View post: 
Everloops sustainable toothbrush comes with replaceable bamboo bristles

Scientists get closer to artificial photosynthesis for renewable energy

March 26, 2020 by  
Filed under Green

Comments Off on Scientists get closer to artificial photosynthesis for renewable energy

Scientists at Berkeley Lab are getting close to a long-held goal of using artificial photosynthesis to generate renewable energy from the carbon dioxide in our atmosphere. If produced in large enough quantities, the energy created from artificial photosynthesis could be a huge step to slowing climate change. Photosynthesis is the chemical reaction by which algae and green plants turn carbon dioxide into cellular fuel. Scientists at Berkeley have designed square solar fuel tiles containing billions of nanoscale tubes between two pieces of thin, flexible silicate. These squares will comprise the new artificial photosynthesis system. Related: New photosynthesis machine is twice as efficient at creating hydrogen fuel The Berkeley scientists recently published a paper in Advanced Functional Materials explaining how their design “allows for the rapid flow of protons from the interior space of the tube, where they are generated from splitting water molecules, to the outside, where they combine with CO2 and electrons to form the fuel.” So far, the scientists have managed to produce carbon monoxide as the fuel but are trying for methanol. “There are two challenges that have not yet been met,” said senior scientist Heinz Frei in a press release from Berkeley Lab . “One of them is scalability. If we want to keep fossil fuels in the ground, we need to be able to make energy in terawatts — an enormous amount of fuel. And, you need to make a liquid hydrocarbon fuel so that we can actually use it with the trillions of dollars’ worth of existing infrastructure and technology.” Once the scientists are satisfied with their model, they should be able to quickly build a solar fuel farm out of the tiles, which measure a few inches across. “We, as basic scientists, need to deliver a tile that works, with all questions about its performance settled,” Frei said. “And engineers in industry know how to connect these tiles. When we’ve figured out square inches, they’ll be able to make square miles.” + Berkeley Lab Images via Andreas Senftleben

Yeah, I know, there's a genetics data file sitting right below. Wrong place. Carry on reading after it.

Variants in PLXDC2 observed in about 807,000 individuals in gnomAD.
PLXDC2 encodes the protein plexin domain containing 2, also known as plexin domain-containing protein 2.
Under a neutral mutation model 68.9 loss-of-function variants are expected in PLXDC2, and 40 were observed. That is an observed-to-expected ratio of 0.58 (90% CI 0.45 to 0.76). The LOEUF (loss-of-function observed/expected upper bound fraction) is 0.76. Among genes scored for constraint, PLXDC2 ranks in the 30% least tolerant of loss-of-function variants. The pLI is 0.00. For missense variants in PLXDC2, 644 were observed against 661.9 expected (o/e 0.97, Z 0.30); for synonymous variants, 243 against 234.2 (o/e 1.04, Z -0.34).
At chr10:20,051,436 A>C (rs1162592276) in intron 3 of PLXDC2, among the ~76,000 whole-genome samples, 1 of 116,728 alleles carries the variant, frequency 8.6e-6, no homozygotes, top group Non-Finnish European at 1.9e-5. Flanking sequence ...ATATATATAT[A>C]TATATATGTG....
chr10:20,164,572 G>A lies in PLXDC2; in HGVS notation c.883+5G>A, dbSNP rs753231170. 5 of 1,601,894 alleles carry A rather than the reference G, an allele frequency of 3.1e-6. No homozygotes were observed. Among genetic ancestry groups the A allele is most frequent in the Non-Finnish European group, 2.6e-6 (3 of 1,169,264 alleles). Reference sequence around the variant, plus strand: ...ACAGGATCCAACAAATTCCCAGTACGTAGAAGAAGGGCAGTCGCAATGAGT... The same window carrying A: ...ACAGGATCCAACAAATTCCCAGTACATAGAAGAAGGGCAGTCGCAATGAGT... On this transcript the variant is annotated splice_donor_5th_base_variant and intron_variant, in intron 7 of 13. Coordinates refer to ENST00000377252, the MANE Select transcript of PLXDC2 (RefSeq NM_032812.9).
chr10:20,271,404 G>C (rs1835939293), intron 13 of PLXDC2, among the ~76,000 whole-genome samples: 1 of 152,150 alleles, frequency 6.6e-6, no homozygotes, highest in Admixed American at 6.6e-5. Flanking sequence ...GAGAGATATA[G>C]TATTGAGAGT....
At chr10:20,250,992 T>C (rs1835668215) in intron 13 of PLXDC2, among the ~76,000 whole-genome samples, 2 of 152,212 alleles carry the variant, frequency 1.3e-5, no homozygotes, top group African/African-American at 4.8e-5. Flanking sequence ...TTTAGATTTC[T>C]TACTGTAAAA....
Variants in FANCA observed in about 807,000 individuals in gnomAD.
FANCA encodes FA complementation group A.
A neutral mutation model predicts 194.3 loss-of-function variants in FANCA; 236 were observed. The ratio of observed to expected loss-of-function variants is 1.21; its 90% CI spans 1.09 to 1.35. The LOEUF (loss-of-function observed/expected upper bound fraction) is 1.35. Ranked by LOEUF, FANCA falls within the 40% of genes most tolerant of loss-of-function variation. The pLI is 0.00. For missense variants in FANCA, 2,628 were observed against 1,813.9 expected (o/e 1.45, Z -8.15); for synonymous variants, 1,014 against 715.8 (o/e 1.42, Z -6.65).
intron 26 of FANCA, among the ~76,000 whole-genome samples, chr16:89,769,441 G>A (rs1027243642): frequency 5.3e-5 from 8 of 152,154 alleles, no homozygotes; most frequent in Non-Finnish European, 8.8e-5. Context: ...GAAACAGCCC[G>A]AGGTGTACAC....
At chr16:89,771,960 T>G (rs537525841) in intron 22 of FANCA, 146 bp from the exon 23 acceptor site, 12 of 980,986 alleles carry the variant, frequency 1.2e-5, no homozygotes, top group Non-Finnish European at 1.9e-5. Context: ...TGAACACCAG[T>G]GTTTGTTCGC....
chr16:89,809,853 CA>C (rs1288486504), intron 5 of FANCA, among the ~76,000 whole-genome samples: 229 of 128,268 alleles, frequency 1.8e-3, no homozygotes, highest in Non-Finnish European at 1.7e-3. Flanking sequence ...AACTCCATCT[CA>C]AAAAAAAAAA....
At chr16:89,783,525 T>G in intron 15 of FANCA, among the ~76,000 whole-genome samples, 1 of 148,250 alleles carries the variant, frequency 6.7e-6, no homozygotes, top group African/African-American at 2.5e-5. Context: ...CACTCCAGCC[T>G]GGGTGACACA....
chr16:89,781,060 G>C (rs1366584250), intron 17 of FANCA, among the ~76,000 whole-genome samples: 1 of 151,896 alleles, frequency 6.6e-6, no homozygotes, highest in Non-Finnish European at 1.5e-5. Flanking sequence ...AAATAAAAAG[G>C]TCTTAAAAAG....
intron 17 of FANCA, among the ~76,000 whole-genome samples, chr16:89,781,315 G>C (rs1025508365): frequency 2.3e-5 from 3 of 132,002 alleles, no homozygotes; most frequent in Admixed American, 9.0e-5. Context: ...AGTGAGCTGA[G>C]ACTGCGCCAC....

See the original post here: 
Scientists get closer to artificial photosynthesis for renewable energy

Vincent Callebaut unveils bioclimatic LEED-Gold timber tower

March 26, 2020 by  
Filed under Eco, Green

Comments Off on Vincent Callebaut unveils bioclimatic LEED-Gold timber tower

Known for their love of infusing modern structures with an abundance of greenery, the prolific Paris-based practice  Vincent Callebaut Architectures has just unveiled their latest sustainable design. Slated for the Island of Cebu, The Rainbow Tree is a modular timber tower draped in layers of lush vegetation to become an “urban forest” for the city. Thanks to the design’s strong sustainability features, which include passive bioclimatism and advanced renewable energies, the tower will be a  LEED Gold design . Slated to be a sustainable icon for the fairly remote island of Cebu, the Rainbow Tree will be a 32-story, 377-foot-high tower built almost completely out of solid wood. The building’s volume will be comprised of 1,200  CLT modules , inspired by the local Nipa Huts made out of wood, bamboo and palm leaves traditionally found throughout the Philippines. Related: Vincent Callebaut wins bid to sustainably revive Aix-les-Bains’ ancient thermal baths All of the modules, which come with basket-style balconies, will be prefabricated off-site in a factory to reduce energy and construction costs. Once on-site, the innovative design will be implemented with several passive bioclimatic features and advanced  renewable energies . To save energy, the tower will be double insulated thanks to an interior and exterior cladding made of all-natural materials such as thatch, hemp and cellulose wadding. The tower’s name and design were inspired by the Rainbow Eucalyptus, an iconic and colorful tree native to the Philippines. To bring the nature-inspired design to fruition, the  timber building  will be clad in vegetation native to the island. Using plants sustainably-sourced from local tropical forests, the tower will be covered in more than 30,000 plants, shrubs and tropical trees. Many of the plants will change color through the season, giving the city a living “rainbow” throughout the year. The Rainbow Tree will be a mixed-use property, split between office space and luxury condominiums. Interior spaces will be flooded with natural light and include several vertical walls. Guests and residents to the tower will be able to enjoy the building’s eateries, swimming pool and fitness center. Adding to the building’s amazing sustainability profile, residents will also have access to an expansive  aquaponic farm  that will span over three levels. Combining fish farming and plant cultivation, the Sky Farm is slated to produce up to 25,000 kilos of fruit, vegetables and algae and 2,500 kilos of fish per year — the equivalent to almost 2 kilos of food per week for each family residing in the tower. + Vincent Callebaut Architecture Images via Vincent Callebaut Architecture